Determine general solutions to differential equations
I can use separation of variables to find a general solution to a differential equation
Quick Lesson Plan
Are you a Solution Seeker? guides students through the prerequisite skills for applying separation of variables. The lesson first reviews using slope fields to predict a family of solution curves. Groups then navigate equations with integral expressions on both sides of the equal sign. Finally, the process and our vocabulary of separation of variables is introduced: Separate, Integrate, Isolate. The majority of class time is devoted to Check Your Understanding. This is when students will have to combine their calculus and algebra skills in order to find success!
For maximum effect, present this lesson as an opportunity for students to complete two integrals for the price of one! But then impress upon them that only one constant of integration is required. Generally, the “plus C” is placed on the right side, but everyone’s final solutions will be equivalent if their algebra is correct.
Algebra concepts to review: Most students need a review of absolute value notation and meaning. And many will finally understand the importance of absolute value in a natural log antiderivative. Powers that have a sum as the exponent should be rewritten as a multiplication expression in order to create coefficients from constant terms (see Activity #3 or CYU #1).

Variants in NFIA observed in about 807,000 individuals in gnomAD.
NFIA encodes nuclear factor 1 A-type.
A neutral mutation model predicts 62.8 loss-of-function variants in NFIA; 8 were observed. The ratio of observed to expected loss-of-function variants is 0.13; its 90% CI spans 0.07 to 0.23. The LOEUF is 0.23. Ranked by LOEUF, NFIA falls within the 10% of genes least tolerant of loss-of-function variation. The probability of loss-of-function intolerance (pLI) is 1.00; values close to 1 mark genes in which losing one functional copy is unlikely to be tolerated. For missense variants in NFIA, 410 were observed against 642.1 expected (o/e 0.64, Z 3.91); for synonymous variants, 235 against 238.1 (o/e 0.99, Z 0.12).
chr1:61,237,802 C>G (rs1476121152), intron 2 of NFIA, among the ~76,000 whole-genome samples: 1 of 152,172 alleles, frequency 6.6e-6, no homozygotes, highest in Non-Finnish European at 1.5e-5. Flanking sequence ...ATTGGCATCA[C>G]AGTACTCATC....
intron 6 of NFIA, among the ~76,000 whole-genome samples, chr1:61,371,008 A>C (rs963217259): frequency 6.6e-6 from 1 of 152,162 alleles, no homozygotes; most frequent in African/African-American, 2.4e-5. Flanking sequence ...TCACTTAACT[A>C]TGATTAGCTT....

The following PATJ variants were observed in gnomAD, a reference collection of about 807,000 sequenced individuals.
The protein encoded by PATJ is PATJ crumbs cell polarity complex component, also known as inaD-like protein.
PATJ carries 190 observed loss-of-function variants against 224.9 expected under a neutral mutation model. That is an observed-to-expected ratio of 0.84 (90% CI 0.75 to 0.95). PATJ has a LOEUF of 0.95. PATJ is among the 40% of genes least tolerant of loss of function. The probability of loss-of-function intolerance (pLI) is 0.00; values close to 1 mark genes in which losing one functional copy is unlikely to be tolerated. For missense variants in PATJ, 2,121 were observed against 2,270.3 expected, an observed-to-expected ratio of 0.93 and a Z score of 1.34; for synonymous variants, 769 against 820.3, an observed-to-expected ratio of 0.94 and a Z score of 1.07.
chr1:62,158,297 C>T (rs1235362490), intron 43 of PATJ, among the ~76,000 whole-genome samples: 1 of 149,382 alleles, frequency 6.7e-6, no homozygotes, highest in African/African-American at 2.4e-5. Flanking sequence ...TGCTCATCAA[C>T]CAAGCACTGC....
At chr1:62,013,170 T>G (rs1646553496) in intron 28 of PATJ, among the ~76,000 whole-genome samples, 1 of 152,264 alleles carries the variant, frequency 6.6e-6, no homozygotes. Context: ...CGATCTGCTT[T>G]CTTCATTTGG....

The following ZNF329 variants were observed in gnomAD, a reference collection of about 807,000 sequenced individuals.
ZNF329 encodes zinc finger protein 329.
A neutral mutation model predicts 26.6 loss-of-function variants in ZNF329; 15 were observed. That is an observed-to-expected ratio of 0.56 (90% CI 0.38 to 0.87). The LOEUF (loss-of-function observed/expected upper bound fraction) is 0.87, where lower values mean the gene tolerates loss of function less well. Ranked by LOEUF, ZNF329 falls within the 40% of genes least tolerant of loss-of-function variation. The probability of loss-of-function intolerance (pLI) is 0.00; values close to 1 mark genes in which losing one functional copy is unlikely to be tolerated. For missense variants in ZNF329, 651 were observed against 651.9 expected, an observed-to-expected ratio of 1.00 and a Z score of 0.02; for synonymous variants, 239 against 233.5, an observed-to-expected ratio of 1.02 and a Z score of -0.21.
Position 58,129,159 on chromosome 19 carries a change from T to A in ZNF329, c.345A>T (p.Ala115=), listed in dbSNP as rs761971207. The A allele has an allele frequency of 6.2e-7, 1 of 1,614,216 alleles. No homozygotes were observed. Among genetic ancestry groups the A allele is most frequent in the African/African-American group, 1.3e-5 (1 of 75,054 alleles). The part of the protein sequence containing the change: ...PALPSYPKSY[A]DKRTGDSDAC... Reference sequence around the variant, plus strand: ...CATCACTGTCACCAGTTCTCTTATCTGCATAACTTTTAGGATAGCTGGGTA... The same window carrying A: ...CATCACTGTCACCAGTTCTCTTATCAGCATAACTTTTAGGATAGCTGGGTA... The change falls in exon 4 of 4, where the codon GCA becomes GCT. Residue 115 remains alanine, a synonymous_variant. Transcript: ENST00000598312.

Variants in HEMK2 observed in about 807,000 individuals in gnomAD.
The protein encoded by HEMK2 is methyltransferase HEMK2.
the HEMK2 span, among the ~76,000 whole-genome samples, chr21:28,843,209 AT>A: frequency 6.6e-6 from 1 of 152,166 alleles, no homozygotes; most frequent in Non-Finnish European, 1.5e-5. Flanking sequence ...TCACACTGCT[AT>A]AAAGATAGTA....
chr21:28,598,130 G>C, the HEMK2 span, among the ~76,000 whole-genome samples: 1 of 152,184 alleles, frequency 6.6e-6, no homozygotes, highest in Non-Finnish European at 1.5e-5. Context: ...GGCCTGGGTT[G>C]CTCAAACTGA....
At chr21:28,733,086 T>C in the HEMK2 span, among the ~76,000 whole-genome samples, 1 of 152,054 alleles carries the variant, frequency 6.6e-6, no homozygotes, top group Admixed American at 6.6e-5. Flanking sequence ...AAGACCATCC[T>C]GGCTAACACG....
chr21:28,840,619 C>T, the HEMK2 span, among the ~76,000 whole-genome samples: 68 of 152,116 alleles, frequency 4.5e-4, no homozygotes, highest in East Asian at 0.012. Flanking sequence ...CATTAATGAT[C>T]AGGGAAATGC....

A recent FRQ (2019 AB4) gives students an interesting application of differential equations. The process for solving the given differential equation is straightforward separation of variables. However, the algebra and antiderivative required prove to be challenging for a majority of students. From integrating “a square root on the bottom” to expanding a binomial (generally not required on the AP Test), this problem presents obstacles throughout.
Another interesting application of separation of variables is found in 2006 AB5. The scoring rubric for part b is typical and should be shared with students often --- they need to know the many opportunities they have for earning points on an FRQ problem!
Beware: Students will try to separate variables with illegal maneuvers! For example, using subtraction or addition, or even introducing additional variables into the original differential equation, will prevent them from earning any points on an FRQ. Emphasize that separation can be accomplished only through division or multiplication. Have students work problems that require factoring and/or division by a binomial term (CYU #3).